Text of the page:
Interest rates are considered an indicator of future market performance. Declining interest rates indicate that investments will likely see slower investment return gains in the future. This is important because it means that historic performance is not a good indicator of future performance. Many pension funds report that they have had strong investment returns over the past 30 or 40 years — and this is true. But unfortunately those numbers do not actually mean very much for the future. They include investment returns from the 1980s or 1990s, which were very different economic times.
While interest rates over the past two decades have rapidly declined, pension fund assumed rates of return have not kept pace. Meaning many funds are either over-estimating what their investments will earn or they are making a lot of high risk, high reward investments to try and hit their optimistic targets.
The chart below shows the recent trend in assumed rates of return in tandem with interest rates. They have not kept pace with each other. Today, the average assumed rate of return for statewide pension funds is 7.2%. If assumed returns had kept pace with declining interest rates since 2001, the average assumed rate of return in 2019 would have been around 5.1%.
The often highly optimistic assumed rate of return used by most pension funds to make financial decisions may be increasingly hard to achieve if America’s path to economic recovery remains uncertain.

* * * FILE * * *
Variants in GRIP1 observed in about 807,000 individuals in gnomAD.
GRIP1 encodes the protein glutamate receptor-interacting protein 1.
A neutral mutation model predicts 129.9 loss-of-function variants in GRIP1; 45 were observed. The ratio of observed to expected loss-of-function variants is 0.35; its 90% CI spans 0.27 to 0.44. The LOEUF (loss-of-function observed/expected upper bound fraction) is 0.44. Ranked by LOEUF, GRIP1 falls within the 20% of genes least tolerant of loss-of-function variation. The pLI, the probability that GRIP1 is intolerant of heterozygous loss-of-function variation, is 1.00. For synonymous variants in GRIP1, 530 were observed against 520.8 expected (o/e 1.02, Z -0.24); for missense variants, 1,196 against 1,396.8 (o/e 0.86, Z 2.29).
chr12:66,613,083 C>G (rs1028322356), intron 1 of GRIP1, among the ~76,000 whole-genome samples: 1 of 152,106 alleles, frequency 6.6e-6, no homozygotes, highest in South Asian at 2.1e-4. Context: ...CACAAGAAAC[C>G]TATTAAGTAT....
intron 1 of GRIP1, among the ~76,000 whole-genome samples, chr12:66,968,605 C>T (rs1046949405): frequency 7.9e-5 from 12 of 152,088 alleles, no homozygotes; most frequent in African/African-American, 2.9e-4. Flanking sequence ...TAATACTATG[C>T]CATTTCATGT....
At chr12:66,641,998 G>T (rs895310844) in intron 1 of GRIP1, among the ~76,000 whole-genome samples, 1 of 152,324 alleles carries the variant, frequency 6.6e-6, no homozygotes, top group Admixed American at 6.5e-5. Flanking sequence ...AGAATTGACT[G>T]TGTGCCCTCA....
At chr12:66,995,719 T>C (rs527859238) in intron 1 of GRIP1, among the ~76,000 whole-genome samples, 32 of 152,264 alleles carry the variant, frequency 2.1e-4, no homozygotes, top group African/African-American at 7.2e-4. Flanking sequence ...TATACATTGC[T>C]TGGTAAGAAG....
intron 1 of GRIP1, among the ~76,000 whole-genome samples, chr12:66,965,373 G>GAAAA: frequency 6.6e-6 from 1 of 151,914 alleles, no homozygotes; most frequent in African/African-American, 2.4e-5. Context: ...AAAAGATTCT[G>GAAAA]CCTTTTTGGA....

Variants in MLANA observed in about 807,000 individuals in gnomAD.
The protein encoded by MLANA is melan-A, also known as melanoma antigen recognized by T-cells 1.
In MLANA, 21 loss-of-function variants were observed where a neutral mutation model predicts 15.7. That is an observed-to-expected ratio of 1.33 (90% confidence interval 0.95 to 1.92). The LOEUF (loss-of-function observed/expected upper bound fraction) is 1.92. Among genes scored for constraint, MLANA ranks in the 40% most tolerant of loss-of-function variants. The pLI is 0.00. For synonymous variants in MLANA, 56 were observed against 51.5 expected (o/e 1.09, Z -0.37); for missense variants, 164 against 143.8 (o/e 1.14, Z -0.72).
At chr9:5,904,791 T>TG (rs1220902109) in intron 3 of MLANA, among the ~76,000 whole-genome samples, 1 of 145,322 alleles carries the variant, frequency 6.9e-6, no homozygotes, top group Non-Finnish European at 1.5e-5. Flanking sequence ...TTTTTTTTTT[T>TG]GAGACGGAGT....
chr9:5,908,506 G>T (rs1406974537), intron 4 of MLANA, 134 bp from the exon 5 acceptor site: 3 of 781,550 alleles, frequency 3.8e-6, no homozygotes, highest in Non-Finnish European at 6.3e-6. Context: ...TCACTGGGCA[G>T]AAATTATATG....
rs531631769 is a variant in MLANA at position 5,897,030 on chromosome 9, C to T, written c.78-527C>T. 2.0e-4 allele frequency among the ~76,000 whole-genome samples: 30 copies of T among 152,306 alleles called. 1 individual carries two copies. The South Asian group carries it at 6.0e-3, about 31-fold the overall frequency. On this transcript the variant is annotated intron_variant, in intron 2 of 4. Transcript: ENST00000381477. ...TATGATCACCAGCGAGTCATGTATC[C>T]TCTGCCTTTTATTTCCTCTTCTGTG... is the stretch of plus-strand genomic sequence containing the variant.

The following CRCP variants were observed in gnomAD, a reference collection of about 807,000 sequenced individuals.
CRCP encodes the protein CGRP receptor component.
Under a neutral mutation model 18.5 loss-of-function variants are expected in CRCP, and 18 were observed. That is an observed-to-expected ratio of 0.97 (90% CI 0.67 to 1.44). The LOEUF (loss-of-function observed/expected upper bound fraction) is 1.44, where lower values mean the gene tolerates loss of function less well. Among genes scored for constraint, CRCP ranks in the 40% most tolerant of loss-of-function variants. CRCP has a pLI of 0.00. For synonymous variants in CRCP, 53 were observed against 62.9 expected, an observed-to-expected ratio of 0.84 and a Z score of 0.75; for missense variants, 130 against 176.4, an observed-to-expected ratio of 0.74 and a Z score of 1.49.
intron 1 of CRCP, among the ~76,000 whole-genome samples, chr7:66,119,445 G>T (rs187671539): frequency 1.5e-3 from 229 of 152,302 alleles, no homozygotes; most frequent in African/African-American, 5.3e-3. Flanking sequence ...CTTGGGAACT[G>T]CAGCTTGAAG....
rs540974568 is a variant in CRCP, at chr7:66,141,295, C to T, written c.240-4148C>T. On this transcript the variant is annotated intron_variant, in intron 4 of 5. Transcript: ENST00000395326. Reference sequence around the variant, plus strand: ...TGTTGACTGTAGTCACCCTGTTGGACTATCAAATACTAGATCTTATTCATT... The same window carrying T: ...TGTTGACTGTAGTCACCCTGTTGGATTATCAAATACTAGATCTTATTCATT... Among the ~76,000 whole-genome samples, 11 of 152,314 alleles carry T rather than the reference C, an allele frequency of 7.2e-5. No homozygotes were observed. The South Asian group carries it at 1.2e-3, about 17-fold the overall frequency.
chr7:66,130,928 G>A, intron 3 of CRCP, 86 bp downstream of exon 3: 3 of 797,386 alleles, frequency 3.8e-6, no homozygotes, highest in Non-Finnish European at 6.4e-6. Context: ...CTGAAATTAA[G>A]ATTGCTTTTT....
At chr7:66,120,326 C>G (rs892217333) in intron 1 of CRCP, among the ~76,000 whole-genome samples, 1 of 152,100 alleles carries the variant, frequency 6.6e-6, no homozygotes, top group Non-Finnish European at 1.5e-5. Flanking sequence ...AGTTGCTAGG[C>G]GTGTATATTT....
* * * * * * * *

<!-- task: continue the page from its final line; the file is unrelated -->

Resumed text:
How does public pension debt affect public workers?
The pension debt carried by governments is costly to pay down and creates pressure on the public budget. It may cause an increase in required pension contributions for public employees or benefit reduction like the elimination of cost-of-living (COLA) adjustments for retirees. In times of economic hardship, it may result in higher property taxes, delayed raises, cuts in school funding, and a reduction in essential services like public sanitation.
State of Pensions 2020: Public Pension Plans Are Open to More Risk
Public pension plans have increasingly moved away from a reliance on relatively safe fixed-income investments during the past decade, per Equable Institute’s report.
Since 2001, pension funds have placed a higher percentage of their assets into hedge funds, real estate, and private equities, investment categories known for volatility in times of economic uncertainty.
Some of the alternative investments that state pension funds have adopted might produce higher returns and might help hedge against sharp downturns in the stock market. But they also carry much higher risks that are only justifiable if the objective is to try and earn an unreasonably high assumed rate of return target.
The State of Pensions 2020: Most Public Pension Systems Are Financially Fragile or Distressed
What does public pension underfunding mean for states?